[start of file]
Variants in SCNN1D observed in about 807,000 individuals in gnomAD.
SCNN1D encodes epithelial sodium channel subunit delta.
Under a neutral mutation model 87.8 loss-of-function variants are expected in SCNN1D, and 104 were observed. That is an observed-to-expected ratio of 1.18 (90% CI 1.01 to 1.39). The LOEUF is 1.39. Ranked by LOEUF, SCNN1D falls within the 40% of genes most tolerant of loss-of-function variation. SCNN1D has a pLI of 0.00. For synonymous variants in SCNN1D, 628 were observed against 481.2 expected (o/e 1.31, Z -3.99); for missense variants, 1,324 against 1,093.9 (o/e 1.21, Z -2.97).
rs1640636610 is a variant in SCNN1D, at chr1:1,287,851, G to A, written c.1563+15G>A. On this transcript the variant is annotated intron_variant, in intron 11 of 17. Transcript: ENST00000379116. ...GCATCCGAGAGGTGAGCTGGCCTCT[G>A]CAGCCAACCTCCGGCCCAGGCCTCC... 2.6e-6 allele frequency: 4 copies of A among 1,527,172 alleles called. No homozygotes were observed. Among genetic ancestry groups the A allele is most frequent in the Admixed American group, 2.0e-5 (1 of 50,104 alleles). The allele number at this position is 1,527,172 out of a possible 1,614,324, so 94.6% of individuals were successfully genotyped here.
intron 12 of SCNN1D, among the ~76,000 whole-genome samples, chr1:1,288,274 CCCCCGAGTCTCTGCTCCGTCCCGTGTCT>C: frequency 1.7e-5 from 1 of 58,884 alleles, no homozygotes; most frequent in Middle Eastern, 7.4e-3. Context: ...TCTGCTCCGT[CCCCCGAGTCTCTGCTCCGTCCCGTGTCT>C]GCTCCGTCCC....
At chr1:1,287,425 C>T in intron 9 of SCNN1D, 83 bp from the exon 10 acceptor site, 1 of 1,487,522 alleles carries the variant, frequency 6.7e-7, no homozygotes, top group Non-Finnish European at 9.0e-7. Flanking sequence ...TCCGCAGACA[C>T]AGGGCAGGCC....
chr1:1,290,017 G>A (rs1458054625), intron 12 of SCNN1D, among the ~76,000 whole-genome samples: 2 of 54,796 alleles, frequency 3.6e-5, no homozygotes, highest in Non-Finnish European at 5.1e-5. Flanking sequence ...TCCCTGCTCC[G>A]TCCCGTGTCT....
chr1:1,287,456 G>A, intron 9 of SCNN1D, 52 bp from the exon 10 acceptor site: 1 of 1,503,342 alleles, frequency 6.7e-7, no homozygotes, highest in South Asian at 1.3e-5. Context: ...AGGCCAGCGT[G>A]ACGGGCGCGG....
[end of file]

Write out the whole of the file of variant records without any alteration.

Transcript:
Variants in SCNN1D observed in about 807,000 individuals in gnomAD.
SCNN1D encodes epithelial sodium channel subunit delta.
Under a neutral mutation model 87.8 loss-of-function variants are expected in SCNN1D, and 104 were observed. That is an observed-to-expected ratio of 1.18 (90% CI 1.01 to 1.39). The LOEUF is 1.39. Ranked by LOEUF, SCNN1D falls within the 40% of genes most tolerant of loss-of-function variation. SCNN1D has a pLI of 0.00. For synonymous variants in SCNN1D, 628 were observed against 481.2 expected (o/e 1.31, Z -3.99); for missense variants, 1,324 against 1,093.9 (o/e 1.21, Z -2.97).
rs1640636610 is a variant in SCNN1D, at chr1:1,287,851, G to A, written c.1563+15G>A. On this transcript the variant is annotated intron_variant, in intron 11 of 17. Transcript: ENST00000379116. ...GCATCCGAGAGGTGAGCTGGCCTCT[G>A]CAGCCAACCTCCGGCCCAGGCCTCC... 2.6e-6 allele frequency: 4 copies of A among 1,527,172 alleles called. No homozygotes were observed. Among genetic ancestry groups the A allele is most frequent in the Admixed American group, 2.0e-5 (1 of 50,104 alleles). The allele number at this position is 1,527,172 out of a possible 1,614,324, so 94.6% of individuals were successfully genotyped here.
intron 12 of SCNN1D, among the ~76,000 whole-genome samples, chr1:1,288,274 CCCCCGAGTCTCTGCTCCGTCCCGTGTCT>C: frequency 1.7e-5 from 1 of 58,884 alleles, no homozygotes; most frequent in Middle Eastern, 7.4e-3. Context: ...TCTGCTCCGT[CCCCCGAGTCTCTGCTCCGTCCCGTGTCT>C]GCTCCGTCCC....
At chr1:1,287,425 C>T in intron 9 of SCNN1D, 83 bp from the exon 10 acceptor site, 1 of 1,487,522 alleles carries the variant, frequency 6.7e-7, no homozygotes, top group Non-Finnish European at 9.0e-7. Flanking sequence ...TCCGCAGACA[C>T]AGGGCAGGCC....
chr1:1,290,017 G>A (rs1458054625), intron 12 of SCNN1D, among the ~76,000 whole-genome samples: 2 of 54,796 alleles, frequency 3.6e-5, no homozygotes, highest in Non-Finnish European at 5.1e-5. Flanking sequence ...TCCCTGCTCC[G>A]TCCCGTGTCT....
chr1:1,287,456 G>A, intron 9 of SCNN1D, 52 bp from the exon 10 acceptor site: 1 of 1,503,342 alleles, frequency 6.7e-7, no homozygotes, highest in South Asian at 1.3e-5. Context: ...AGGCCAGCGT[G>A]ACGGGCGCGG....